These substances are usually alkylbenzene sulfonates, a family of compounds that are similar to soap but are more soluble in hard water, because the polar sulfonate (of detergents) is less likely than the polar carboxylate (of soap) to bind to calcium and other ions found in hard water.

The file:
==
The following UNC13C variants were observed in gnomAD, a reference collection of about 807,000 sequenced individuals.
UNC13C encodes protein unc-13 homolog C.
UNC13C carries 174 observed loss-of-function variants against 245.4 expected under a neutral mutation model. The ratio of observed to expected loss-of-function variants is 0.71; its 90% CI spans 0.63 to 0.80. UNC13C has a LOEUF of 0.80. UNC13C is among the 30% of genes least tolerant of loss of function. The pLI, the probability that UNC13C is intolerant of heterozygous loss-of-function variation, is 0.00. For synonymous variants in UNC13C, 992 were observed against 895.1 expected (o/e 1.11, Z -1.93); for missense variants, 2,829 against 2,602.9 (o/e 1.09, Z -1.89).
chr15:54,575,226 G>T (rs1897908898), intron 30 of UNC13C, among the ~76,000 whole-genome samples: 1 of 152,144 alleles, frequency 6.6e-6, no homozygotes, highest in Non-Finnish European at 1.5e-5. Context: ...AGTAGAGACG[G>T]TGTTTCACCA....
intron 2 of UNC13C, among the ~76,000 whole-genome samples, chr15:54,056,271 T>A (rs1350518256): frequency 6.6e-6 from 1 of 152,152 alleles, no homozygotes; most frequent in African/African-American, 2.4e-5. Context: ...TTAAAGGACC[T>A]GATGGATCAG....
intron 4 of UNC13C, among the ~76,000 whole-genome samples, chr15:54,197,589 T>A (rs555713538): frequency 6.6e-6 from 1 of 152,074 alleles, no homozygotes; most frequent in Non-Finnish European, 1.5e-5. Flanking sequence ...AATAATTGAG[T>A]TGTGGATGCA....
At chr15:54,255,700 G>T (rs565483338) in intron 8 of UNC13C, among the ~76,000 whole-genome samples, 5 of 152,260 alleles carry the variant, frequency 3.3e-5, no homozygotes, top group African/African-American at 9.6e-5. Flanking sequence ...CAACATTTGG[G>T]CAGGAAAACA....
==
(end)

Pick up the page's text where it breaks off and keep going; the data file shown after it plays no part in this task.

In domestic contexts, the term detergent by itself refers specifically to laundry detergent or dish detergent, as opposed to hand soap or other types of cleaning agents. Detergents are commonly available as powders or concentrated solutions. Detergents, like soaps, work because they are amphiphilic: partly hydrophilic (polar) and partly hydrophobic (non-polar). Their dual nature facilitates the mixture of hydrophobic compounds (like oil and grease) with water. Because air is not hydrophilic, detergents are also foaming agents to varying degrees.